– Intelligent Design and Evolutionary Computation

    Wrong, as Tom and I showed when we demonstrated that a simple uphill climber on a “white noise” fitness surface substantially outperformed taking a single randomly sampled genotype.

  34. Joe Felsenstein: Wrong, as Tom and I showed when we demonstrated that a simple uphill climber on a “white noise” fitness surface substantially outperformed taking a single randomly sampled genotype.

    Mung has cleverly switched to quoting Garry Greenwood and me. We’re referring to a finite sequence generated by uniform random sampling without replacement. (All of the NFL results are for sampling without replacement.) And I should remind everyone that the fitness function is given as part of the problem in the NFL analytic framework, and that Dembski, Ewert, and Marks make it part of the solution process in their framework.

  35. Tom English: Mung has cleverly switched to quoting Garry Greenwood and me. We’re referring to a finite sequence generated by uniform random sampling without replacement.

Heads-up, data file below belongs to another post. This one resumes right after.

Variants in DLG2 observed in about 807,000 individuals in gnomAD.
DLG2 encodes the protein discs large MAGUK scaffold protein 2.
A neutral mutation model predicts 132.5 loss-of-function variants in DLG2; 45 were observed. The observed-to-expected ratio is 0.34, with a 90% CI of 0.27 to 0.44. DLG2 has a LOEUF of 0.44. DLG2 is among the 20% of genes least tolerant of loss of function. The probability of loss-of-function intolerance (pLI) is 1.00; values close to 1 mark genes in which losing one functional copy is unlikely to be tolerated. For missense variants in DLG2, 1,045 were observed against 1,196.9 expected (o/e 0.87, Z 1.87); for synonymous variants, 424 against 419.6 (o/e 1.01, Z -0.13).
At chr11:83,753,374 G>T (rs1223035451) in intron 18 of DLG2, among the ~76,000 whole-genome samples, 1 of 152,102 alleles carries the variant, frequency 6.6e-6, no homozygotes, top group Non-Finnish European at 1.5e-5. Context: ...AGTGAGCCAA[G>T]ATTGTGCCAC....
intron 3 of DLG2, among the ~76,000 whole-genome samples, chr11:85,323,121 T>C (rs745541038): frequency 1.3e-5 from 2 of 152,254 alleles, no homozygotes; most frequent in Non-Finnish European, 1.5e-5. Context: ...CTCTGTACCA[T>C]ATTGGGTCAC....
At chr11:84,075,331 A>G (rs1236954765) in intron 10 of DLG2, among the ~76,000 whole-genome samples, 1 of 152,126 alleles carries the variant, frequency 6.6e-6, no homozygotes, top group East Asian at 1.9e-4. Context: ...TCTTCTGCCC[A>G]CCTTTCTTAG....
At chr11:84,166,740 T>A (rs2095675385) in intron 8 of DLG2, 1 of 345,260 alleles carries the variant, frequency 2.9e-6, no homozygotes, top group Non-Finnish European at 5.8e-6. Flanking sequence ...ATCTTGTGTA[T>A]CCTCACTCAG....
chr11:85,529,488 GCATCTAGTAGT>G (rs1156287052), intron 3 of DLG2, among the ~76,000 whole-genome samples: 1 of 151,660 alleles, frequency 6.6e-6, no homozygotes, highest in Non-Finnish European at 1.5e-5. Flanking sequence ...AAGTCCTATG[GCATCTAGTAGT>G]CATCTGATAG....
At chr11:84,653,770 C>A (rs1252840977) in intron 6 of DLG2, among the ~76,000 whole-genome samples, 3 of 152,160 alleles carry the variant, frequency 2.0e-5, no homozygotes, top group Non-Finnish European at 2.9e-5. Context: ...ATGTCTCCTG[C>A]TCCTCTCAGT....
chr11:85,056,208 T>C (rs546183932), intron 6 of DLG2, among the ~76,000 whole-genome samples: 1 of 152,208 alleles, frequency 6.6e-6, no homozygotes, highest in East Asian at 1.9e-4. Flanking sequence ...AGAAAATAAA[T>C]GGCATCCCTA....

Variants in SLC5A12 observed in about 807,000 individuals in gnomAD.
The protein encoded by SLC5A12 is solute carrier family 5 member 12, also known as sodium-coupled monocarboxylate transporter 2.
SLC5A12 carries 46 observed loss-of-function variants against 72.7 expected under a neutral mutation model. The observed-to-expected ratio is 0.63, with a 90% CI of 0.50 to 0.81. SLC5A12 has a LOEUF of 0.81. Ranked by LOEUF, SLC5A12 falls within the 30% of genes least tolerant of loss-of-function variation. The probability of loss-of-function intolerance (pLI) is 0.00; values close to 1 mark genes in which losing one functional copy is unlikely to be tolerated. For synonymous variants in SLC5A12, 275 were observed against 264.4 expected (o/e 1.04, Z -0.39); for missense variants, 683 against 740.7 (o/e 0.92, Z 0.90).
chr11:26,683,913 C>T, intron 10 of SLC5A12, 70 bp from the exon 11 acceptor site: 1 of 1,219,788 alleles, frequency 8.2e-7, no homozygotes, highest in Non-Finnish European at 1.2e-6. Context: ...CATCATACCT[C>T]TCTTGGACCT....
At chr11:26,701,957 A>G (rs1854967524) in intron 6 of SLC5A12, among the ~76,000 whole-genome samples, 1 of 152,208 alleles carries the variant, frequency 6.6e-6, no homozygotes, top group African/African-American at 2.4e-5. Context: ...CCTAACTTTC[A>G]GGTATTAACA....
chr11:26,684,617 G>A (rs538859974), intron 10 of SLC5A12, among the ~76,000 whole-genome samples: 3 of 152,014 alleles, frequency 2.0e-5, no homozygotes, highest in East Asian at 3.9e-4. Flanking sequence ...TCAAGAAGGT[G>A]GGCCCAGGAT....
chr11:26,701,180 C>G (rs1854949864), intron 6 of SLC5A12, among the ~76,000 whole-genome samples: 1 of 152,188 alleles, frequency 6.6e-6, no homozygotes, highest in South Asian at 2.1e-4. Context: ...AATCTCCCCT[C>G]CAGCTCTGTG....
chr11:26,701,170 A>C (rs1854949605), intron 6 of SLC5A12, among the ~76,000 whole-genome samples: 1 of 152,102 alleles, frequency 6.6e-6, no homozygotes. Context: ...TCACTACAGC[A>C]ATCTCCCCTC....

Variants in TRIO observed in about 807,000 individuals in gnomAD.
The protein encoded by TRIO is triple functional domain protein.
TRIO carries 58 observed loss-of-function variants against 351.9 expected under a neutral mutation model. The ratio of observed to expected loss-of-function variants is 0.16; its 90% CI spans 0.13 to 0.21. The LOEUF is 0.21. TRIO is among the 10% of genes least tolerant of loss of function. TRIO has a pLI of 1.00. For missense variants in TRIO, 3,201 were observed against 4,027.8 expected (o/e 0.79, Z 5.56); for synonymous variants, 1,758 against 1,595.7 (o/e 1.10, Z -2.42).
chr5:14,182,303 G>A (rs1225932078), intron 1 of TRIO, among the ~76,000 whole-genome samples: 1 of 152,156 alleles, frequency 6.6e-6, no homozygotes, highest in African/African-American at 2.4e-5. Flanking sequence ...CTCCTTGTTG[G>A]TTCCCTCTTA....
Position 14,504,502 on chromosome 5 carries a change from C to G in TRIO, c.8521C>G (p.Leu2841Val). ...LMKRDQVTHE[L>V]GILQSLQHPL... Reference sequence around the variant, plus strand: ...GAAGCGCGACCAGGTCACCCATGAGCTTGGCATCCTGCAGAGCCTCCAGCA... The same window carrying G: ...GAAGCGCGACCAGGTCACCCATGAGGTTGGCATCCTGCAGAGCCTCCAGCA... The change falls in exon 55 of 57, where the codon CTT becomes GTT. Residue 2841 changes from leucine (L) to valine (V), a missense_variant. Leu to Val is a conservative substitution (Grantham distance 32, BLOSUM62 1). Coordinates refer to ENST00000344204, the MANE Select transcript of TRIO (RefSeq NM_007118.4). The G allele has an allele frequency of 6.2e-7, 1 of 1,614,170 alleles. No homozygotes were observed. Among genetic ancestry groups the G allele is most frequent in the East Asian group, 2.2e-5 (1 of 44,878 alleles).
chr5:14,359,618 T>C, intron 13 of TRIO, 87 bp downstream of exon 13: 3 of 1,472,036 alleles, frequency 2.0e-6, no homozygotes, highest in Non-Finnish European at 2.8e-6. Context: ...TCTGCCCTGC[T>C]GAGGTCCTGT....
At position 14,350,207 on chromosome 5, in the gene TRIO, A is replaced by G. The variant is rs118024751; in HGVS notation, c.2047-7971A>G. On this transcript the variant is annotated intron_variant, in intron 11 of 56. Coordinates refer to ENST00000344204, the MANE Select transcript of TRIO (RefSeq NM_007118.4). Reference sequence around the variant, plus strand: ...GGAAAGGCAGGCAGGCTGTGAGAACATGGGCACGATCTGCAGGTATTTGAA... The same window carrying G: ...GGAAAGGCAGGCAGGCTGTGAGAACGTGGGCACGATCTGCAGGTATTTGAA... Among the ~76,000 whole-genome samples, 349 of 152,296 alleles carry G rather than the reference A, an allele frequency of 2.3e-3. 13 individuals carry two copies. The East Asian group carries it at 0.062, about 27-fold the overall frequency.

Tactically clever of Mung. For the case we investigated, comparing looking at n neighboring genotypes is the same as looking at n randomly-chosen genotypes, since the case has fitnesses assigned to genotypes at random. I had assumed that the quote was from one of Marks, Dembski, or Ewert. They argued that using an “evolutionary search” was no better than choosing one random genotype. Which is what I thought the quote was saying. And saying that would have been very wrong.

  36. Joe Felsenstein: I had assumed that the quote was from one of Marks, Dembski, or Ewert. They argued that using an “evolutionary search” was no better than choosing one random genotype. Which is what I thought the quote was saying. And saying that would have been very wrong.

    Mung apparently believes that he’s caught me saying what Marks, Dembski, and Ewert say. It’s the old “you agree with us, but you won’t admit it” bit.

  37. Tom English: Mung apparently believes that he’s caught me saying what Marks, Dembski, and Ewert say.

    Maybe I caught them saying what you say. 😉

    Either way, Joe thought it was wrong. One can understand his thinking I suppose. If DEM said it, it’s wrong.

  38. Mung: IMO, proponents of evolution need to drop all talk of evolution as design/designer. But they just don’t seem capable of dong so. Why not?